4

I have a text file, fred.txt:

% cat -e fred.txt 
00:$
00:04:$
01:00:23:34$
01:$
01:40:$
01:40:32:$
%

I can grep for a line with 2 digits and a colon:

% pcregrep -e '[\d]{2}:' fred.txt   
00:
00:04:
01:00:23:34
01:
01:40:
01:40:32:
%

but when I try to get repeating patterns of that pattern, it doesn't find them:

% pcregrep -e '[[\d]{2}:]{2}' fred.txt
%

I'm looking to get the same output as this:

% pcregrep -e '[\d]{2}:[\d]{2}:' fred.txt
00:04:
01:00:23:34
01:40:
01:40:32:
%

Eventually I'll be looking for more nested repeating patterns in a larger file so I don't want to define each time the pattern repeats. How do I grep for the lines that have that pattern repeating?

2
  • 7
    I think you're confused by the brackets. There's no point in [\d], that's the same as \d. The [ ] are used to define a character class, but \d is already a character class so you don't need to put it in [ ] unless you combine it with something else like [\dabc]. Then, as shown by schrodigerscatcuriosity's answer, you group things with parentheses (foo){2} and not square brackets [foo]{2}.
    – terdon
    Feb 2 at 18:42
  • That’s what I didn’t understand. Most of my complex regex use has been in Sublime Text so I’m not proficient outside of that. Thanks! Feb 2 at 19:35

3 Answers 3

11

Using GNU grep

$ grep -Eo '([0-9]{2}:){2,}' fred.txt 
00:04:
01:00:23:
01:40:
01:40:32:
0
7

[xyz] called bracket expressions is to match one character within a set. Here, either x, y or z.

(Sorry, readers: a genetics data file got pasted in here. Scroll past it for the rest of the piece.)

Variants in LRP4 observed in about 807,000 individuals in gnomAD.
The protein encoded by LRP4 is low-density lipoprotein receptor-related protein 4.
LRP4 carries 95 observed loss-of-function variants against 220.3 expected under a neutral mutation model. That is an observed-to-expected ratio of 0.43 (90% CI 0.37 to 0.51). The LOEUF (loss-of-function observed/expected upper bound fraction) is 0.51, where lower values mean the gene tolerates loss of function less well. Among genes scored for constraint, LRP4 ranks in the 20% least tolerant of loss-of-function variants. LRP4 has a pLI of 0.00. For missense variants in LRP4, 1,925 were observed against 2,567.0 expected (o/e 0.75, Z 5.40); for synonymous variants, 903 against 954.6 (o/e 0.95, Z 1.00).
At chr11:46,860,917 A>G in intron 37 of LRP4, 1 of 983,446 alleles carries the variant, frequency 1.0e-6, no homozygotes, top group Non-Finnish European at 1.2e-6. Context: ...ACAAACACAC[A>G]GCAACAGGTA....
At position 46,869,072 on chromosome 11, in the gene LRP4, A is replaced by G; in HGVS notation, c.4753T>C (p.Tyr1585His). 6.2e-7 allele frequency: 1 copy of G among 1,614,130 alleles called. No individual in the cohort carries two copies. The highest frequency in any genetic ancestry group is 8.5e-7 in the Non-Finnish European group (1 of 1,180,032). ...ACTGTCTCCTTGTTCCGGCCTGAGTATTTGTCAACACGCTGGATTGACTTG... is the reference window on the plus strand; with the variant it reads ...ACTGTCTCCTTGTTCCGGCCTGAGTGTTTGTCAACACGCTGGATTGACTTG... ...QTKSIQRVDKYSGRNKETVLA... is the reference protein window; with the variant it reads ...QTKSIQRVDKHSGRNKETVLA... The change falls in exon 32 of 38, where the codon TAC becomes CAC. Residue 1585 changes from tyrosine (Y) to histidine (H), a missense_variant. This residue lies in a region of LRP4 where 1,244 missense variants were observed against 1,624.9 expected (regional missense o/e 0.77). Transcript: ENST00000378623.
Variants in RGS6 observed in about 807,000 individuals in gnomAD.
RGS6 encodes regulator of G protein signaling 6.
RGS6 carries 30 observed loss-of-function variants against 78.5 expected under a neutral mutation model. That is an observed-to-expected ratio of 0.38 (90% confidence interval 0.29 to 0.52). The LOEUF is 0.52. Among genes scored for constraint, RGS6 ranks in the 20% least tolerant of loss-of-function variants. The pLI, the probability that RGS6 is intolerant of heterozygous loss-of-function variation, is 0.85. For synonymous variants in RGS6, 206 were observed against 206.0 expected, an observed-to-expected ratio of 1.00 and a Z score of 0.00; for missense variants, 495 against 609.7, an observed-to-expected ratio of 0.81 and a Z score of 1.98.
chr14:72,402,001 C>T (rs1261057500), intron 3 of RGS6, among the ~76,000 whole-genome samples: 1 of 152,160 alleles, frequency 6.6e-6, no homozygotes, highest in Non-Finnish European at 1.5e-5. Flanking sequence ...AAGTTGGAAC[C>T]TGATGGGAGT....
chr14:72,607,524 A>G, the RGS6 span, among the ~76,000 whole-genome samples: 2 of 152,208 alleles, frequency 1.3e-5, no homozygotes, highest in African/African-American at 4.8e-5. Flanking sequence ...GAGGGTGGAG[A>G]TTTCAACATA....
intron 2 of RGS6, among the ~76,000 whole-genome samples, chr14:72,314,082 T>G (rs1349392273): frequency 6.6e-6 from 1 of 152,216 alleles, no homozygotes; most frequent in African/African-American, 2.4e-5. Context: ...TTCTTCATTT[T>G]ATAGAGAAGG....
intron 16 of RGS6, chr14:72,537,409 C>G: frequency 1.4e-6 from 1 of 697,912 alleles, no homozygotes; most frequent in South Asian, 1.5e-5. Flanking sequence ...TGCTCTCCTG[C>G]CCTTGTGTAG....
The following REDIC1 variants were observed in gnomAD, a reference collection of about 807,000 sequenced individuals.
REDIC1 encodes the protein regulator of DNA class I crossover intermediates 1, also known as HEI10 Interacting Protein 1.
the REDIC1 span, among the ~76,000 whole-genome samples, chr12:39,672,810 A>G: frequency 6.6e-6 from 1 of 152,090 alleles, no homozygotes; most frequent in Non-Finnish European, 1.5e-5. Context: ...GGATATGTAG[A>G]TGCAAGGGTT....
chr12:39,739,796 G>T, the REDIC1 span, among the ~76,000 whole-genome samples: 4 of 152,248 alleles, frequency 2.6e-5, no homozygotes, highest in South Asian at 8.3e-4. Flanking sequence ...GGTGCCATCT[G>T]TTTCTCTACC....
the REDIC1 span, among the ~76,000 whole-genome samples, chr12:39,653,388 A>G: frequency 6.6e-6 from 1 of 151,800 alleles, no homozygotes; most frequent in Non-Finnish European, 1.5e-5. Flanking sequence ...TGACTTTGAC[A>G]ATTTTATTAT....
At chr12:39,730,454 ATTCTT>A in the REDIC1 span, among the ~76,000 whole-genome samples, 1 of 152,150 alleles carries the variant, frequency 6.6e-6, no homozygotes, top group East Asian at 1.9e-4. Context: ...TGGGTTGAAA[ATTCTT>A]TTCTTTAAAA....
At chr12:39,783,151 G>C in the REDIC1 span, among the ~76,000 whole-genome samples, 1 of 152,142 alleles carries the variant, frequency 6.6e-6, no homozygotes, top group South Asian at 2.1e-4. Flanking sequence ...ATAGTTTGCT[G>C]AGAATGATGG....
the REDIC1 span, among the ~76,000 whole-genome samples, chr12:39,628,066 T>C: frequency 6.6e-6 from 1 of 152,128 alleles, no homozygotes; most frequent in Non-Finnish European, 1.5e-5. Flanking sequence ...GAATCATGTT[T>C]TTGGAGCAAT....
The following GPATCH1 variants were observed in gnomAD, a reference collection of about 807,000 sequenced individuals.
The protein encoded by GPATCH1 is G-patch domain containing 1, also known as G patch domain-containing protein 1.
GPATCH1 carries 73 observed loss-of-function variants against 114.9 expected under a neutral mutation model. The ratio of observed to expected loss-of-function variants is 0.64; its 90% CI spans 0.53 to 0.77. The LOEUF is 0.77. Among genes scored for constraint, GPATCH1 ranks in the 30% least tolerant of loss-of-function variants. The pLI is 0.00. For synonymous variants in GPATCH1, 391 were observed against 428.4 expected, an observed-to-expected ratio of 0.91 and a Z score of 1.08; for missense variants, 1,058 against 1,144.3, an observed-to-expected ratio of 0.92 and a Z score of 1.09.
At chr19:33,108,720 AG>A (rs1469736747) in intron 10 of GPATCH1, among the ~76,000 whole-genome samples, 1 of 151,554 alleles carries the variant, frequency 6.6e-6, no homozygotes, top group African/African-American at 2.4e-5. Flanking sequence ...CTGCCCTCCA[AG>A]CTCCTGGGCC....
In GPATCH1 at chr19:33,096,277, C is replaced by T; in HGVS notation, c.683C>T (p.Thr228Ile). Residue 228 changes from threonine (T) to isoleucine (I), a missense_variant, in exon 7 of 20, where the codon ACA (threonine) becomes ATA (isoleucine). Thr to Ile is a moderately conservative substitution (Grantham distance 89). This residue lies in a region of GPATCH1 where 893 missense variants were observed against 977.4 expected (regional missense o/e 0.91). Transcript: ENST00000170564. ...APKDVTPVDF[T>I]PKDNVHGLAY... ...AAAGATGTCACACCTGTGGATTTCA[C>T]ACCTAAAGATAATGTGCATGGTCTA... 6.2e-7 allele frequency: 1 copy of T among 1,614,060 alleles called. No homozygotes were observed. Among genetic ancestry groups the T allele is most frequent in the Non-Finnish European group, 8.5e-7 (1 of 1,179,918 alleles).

[\d] would match either \ or d in POSIX basic regexps, but in perl-compatible regexps, it matches the same as \d alone: a digit. That allows things like [\da-fA-F] to match one hex digit for instance, but in the [\d] case, it's pointless, as you might as well use \d.

In any case, it's not for grouping for which you need \(...\) in POSIX basic regexps or (...) in POSIX extended regexps or PCREs.

PCREs have a few other variants of grouping such as (?:...) which groups without creating a back-reference, or (?|...) which groups but affects how back-references are numbered in alternations, or (?>...) the possessive variant of the grouping operator, etc.

Here, you don't need backreferences, so you might as well use (?:...):

pcregrep '(?:\d{2}:){2}'

Would match on lines that contain 2 of (2 digits followed by a :). If you wanted to match on lines that are exactly that, you'd need to add the -x option.

Here,

pcregrep '(?:\d\d:){2}'

Would actually be shorter.

pcregrep '(\d\d:){2}'

Would have the same effect, but possibly be slightly less efficient as we didn't tell pcregrep not to bother capturing what's inside the (...).

See man pcrepattern to learn more about the syntax of PCREs.

5

Using grep

$ grep -Eo '([^:]*:[[:digit:]]+:?)+' input_file
00:04:
01:00:23:34
01:40:
01:40:32:

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